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Assemblage: There and Not There in East End

Almost there…

On its website, Assemblage aspires to create food that is “a work of art made by grouping together found or unrelated objects”. It also claims the provenance of ingredients, modern British and from the South West where James Knight-Pacheco (chef) and Alicia Whitby (manager) grew up.

On site, a big crowd of fashion students walked past me. This was East London. Brick Lane. Marangoni is just around the corner, and so are many Pakistani eateries. The crowd did not turn into Assemblage yet. Maybe the rather dark-furnitured dining room did not appeal. (Fashion people don’t really eat, you know).

I walked in with expectations. And, in my book, I consider Assemblage too far out to be serving bad food. 15 min without traffic in a taxi means, first and foremost, that the restaurant had better be f**king amazing. It wasn’t.

But, there were many glimmers of brilliance.

It will get there?

The menu, or rather the detailed description of the menu, at Assemblage did not sound exciting. It said too much and gave me the impression of something too comforting instead of inventive eclecticism. That said, there usually seemed one odd ingredient in each dish to stop it from being just comfort food. Say, “toffee popcorn” with Duck & Pheasant Terrine or “Earl Grey grapes” with “Scallops”. While I was musing thoughts, an amuse bouche of Pumpkin Pie landed in front of me. Audaciously deconstructed. A little well of pumpkin veloute with creamy pumpkin puree underneath. The pie crust was this skinny baton of nicely done pastry. Setting the visual aside and the baton, the veloute itself did not make much impact. Small dishes usually need big flavour to counter the portion size. This one was bland.

The starter “Almonds & Egg” (£8.50) was, however, exceptional. The slow cooked duck egg was nearly jelly-fied but with the yolk still luxuriously runny. It mixed well with the velvety parsnip infused with Fosse Way cheese. Sandy and chopped almonds, which themselves tasted like powdered muesli, helped solidify the dish a little. Enough textural contrast to send me on edge. Now I am talking the dish that is worth travelling for.

The main of “Seabass” (£27) did not deliver the same excitement as the starter. Though the fish was beautifully roasted – superbly crispy skin and puffy meat – the garnish was chaotic, as if the chef had been briefed to promote a five-a-day dietary plan. There were butternut squash puree, lemon marmalade, salsify, smoked potatoes and vanilla sauce. No technical error on any part but all did not integrate as a dish.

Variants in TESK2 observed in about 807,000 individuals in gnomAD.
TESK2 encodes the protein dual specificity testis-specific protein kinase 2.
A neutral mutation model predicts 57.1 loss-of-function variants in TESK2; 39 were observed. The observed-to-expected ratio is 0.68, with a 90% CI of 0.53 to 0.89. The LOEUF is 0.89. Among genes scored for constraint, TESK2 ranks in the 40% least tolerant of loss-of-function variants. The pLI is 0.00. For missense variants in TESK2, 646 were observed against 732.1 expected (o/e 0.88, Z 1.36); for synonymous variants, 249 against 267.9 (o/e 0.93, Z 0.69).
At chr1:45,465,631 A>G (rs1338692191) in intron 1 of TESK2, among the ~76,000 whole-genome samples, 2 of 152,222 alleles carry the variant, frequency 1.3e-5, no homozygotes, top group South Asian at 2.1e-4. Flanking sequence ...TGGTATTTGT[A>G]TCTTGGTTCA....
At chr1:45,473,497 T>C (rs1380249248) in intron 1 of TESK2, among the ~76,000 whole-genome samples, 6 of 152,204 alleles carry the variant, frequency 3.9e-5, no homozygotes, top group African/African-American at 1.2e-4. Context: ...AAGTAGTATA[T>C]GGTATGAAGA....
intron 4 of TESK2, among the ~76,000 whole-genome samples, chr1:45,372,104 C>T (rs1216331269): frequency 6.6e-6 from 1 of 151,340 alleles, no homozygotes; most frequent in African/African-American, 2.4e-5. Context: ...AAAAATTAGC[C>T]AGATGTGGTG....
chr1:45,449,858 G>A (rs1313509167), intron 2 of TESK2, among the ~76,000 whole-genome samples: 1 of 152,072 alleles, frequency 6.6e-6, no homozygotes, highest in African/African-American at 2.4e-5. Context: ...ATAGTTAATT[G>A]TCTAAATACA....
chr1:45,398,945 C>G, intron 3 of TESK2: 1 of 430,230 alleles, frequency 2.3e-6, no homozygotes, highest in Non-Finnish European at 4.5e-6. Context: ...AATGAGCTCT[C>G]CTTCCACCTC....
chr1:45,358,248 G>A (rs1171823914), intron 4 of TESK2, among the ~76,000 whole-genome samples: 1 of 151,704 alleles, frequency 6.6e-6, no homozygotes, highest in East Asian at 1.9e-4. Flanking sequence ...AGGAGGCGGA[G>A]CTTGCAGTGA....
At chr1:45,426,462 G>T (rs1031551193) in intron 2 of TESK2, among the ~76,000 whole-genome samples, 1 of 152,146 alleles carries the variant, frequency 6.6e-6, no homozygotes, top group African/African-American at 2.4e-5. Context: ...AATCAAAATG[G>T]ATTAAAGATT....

Luckily, I managed to resume my gastronomic thrill with the dessert of “Chamomile & Honey” (£8.50). On my left there was a little chamomile-scented millefeuille made pretty with icing sugar, chewy honeycomb and crispy honey rocks. Light and balanced. On my right was something far more delicious, a firm pudding-lookalike honey parfait blanketed by a thin sheet of chamomile and vanilla jelly. I particularly loved the syrup-y richness of the ice cream and the distinct honey flavour, as I was munching through with pebble-like biscuit crumbs The chamomile sheet failed to interject the X factor, though. A very good dish, still.

Another thought, another trek?

Yes, there were some occasionally good moments, a fair bit of sparkles. Assemblage, to me, has potential. It might not become THE destination in the East like Viajante but I do feel given a few months Assemblage will metamorphose into something relatively exciting, different but not totally alienating.

Setting that main (and amuse bouche) aside and given a few months, I could do with another trip there.

Enough said,

My head rating says, “7 out of 10″.

My heart rating says, “7 out of 10″.


60-62 Commercial Street
E1 6LT

Tel. 020 7269 7916

Assemblage on Urbanspoon


  1. It sounds like it’s getting there, but for those prices I would think the mains should already excellent. From your description i would have been disappointed to with the bass.

    The starter, however, does look very good indeed. A lot of though has obviously gone into the conception and creation of the dish. I like the mix of textures and tastes on display.

    Like you said, it sounds as though this is one to keep an eye on, and maybe head back when it has bedded down a little.

  2. James P

    …and it’s closed. this is the problem one gets devising a whole business around a single chef. majority of chefs i have had the misfortune to cross paths with are flaky and usually crumble at the first sign of difficulties. not saying that this has happened here but remains the case that this is a bastardly hard business to succeed in. i pity the investor in this restaurant….£200-300k up in smoke i
    would guess.

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